Research title: Dual apprenticeships in Mexico
Investigating Dual Apprenticeship policy transfer: a study of young people’s transitions through the Modelo Méxicano de Formación Dual (MMFD)
Aims and research questions
Dual Apprenticeships (DAs) combine school-based learning with structured on-the-job training, leading to vocational qualifications. This model has proven successful in Germanic countries and as a result many middle-income countries, including Mexico, have chosen to adopt DAs. In Mexico, the adopted version of the DA model is known as the Modelo Mexicano de Formación Dual (MMFD). However, policy transfer across different political, economic and social contexts requires thoughtful interrogation of altered concepts, implementation and effects. Framing Mexico as a DA policy recipient, this research investigates: How do variations and similarities in structural and individual contexts in which Mexican apprentices live mediate their experiences of and possibilities for agency over transition through dual apprenticeships in Mexico (MMFD) and with what consequences for social inequalities? Furthermore, this research explores how such transitions unfold in the time-specific context of unprecedented global recession triggered by the Covid-19 pandemic and analyse whether these experiences correspond to and/or contest global and domestic expectations about what the MMFD/a transferred DA model should achieve.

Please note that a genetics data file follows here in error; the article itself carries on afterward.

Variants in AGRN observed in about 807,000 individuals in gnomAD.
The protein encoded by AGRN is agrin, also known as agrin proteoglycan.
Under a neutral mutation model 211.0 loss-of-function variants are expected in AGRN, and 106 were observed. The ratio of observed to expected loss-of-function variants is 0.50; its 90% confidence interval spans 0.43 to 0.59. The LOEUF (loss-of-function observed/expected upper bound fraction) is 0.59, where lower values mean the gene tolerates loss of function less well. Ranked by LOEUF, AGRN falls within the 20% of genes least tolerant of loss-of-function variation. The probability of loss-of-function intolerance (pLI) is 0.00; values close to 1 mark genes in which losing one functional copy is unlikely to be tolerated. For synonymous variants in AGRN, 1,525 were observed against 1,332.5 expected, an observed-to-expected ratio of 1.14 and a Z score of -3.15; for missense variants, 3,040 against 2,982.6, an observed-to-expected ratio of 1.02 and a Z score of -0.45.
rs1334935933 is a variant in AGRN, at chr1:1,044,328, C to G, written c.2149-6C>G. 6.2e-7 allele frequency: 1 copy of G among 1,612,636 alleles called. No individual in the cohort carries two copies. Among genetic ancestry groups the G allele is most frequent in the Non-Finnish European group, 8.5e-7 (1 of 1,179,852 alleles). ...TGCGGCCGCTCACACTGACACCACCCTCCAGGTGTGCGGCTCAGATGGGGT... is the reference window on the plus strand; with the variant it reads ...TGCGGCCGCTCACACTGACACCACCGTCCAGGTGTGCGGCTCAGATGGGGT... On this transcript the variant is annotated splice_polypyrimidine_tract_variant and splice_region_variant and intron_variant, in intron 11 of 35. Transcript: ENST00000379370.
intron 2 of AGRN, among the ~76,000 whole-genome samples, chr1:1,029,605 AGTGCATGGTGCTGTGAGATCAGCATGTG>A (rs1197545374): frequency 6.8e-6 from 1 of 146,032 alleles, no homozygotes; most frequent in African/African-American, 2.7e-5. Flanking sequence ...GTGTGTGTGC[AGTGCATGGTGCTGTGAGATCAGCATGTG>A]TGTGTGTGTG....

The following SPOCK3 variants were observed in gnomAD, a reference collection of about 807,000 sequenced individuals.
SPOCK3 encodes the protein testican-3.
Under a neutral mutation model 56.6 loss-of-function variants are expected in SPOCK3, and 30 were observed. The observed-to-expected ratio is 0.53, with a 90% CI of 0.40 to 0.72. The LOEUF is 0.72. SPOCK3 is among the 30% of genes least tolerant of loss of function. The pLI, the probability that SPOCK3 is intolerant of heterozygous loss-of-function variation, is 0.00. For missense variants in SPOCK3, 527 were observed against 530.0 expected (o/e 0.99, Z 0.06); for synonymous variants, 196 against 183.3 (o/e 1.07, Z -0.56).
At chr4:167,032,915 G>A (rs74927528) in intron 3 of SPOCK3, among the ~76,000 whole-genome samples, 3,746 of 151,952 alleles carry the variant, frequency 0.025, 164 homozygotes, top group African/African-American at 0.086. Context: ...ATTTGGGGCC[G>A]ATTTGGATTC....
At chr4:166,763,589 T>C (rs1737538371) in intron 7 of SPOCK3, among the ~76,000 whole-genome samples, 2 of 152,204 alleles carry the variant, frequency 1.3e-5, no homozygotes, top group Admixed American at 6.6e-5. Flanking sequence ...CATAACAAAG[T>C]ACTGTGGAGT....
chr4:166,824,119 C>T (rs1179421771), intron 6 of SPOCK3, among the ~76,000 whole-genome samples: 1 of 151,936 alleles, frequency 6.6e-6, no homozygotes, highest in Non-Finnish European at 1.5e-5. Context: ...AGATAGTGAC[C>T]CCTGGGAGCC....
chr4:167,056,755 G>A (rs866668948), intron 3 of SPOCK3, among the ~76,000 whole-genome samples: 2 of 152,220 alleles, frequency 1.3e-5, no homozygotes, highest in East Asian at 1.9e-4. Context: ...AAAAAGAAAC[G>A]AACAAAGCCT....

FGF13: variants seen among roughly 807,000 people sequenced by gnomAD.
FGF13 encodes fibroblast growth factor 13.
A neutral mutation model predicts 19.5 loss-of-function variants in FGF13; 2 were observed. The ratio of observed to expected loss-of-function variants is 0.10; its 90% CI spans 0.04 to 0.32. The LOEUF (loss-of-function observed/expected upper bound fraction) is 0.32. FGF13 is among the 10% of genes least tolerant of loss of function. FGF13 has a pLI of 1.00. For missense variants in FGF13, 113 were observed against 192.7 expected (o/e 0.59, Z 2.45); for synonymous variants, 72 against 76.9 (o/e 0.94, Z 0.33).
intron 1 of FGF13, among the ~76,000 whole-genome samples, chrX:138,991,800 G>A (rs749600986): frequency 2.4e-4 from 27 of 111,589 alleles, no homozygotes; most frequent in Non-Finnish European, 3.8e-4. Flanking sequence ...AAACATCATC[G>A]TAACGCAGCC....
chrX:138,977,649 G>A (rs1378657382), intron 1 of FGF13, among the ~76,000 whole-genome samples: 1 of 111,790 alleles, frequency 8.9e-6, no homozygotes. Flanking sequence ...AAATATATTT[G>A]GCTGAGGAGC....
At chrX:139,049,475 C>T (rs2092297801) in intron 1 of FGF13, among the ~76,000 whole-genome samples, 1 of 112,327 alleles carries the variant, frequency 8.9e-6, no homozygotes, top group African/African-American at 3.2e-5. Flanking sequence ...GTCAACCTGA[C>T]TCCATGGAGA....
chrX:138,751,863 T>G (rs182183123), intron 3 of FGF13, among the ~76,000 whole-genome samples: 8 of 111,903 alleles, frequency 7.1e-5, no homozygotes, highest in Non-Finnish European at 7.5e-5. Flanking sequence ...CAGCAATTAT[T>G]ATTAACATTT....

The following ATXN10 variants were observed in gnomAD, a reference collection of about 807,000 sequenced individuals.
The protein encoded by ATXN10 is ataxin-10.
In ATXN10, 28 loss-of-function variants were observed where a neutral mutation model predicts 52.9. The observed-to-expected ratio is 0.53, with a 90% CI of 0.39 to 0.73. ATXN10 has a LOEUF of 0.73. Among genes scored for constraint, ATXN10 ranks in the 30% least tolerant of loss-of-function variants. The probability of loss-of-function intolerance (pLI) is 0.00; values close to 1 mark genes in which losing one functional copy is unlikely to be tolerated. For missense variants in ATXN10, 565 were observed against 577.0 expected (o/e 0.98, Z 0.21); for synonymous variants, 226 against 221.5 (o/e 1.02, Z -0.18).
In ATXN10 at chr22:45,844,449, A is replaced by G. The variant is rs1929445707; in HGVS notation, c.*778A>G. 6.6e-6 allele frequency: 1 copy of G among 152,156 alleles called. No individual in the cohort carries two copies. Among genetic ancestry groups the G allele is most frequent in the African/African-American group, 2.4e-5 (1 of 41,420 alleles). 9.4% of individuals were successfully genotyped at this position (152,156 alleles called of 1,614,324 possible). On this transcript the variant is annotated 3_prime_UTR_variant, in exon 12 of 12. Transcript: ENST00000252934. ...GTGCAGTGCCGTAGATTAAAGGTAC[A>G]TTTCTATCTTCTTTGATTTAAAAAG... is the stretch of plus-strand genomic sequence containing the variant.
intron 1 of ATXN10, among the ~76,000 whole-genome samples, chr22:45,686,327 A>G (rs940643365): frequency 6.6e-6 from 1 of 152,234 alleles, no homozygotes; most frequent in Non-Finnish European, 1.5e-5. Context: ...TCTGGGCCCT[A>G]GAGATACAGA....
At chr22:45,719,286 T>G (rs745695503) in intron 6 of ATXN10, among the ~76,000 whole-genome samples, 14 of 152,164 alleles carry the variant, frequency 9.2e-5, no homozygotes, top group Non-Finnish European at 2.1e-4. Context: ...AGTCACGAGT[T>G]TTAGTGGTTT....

Innovative longitudinal methodologies will capture the post-MMFD transitions of apprentices (n=16), with semi-structured interviews being conducted shortly before, shortly after and one year after MMFD graduation. The interviews will explore how apprentices have been affected by the changing health and economic conditions and how the MMFD serves young people as they attempt to navigate the uncertainty and precarity of crisis while transitioning into adulthood. The research intentionally foregrounds the voices of young ‘policy beneficiaries’ over those of policy experts, exploring how young people reflect on their DA experience, evaluate the programme in light of their personal goals and current and future trajectories and how these narratives shift and evolve over time given seismic contextual change.
Implications and outcomes
This research will facilitate greater understanding of how - in the recipient context of Mexico - Dual Apprenticeships operate at the micro level and with what impact on young people’s lives in the medium term. Understanding of these contextual specificities (and variance within them) will shed light on the lived realities of a transferred policy and potentially offer lessons for implementation worldwide. By valorising young people’s own understandings in this way, the research will be especially attentive to the role of the MMFD in reproducing or mitigating inequalities and thus support more effective and equitable implementation of DA models in the Mexican context. Furthermore, analysis of how these transitions have been shaped by post-pandemic recession and what role the MMFD plays in helping young people navigate crisis conditions will help interrogate global policy hypotheses that DAs can serve as a useful tool for reducing youth unemployment, smoothing school-to-work transitions and supporting social mobility, particularly in times of crisis.
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